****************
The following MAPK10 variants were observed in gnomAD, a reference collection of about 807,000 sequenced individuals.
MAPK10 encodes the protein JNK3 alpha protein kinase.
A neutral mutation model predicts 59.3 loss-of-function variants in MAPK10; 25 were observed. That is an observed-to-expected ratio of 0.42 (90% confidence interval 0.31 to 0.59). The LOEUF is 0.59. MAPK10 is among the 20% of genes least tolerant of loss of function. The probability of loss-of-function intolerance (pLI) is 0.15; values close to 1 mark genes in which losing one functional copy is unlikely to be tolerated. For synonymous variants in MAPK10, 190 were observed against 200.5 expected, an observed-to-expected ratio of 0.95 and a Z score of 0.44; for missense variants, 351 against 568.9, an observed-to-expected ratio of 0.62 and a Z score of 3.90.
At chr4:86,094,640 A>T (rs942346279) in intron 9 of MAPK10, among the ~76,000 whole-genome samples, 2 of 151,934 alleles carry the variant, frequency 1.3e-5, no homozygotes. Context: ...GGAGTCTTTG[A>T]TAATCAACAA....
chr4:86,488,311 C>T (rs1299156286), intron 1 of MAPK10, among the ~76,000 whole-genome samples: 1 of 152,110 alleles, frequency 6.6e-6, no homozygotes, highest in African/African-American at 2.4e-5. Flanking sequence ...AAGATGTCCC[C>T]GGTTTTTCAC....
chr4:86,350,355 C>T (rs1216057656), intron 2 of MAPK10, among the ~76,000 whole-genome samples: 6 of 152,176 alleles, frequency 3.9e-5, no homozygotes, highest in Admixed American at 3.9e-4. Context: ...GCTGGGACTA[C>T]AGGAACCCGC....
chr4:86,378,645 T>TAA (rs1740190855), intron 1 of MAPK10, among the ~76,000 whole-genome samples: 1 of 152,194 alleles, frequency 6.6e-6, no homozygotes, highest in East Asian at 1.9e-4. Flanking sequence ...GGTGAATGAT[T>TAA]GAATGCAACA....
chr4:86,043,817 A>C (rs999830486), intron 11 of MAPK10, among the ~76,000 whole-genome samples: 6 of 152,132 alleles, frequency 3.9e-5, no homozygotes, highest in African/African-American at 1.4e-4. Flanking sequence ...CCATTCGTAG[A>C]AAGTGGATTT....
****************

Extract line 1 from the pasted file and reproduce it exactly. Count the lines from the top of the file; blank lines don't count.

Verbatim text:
The following MAPK10 variants were observed in gnomAD, a reference collection of about 807,000 sequenced individuals.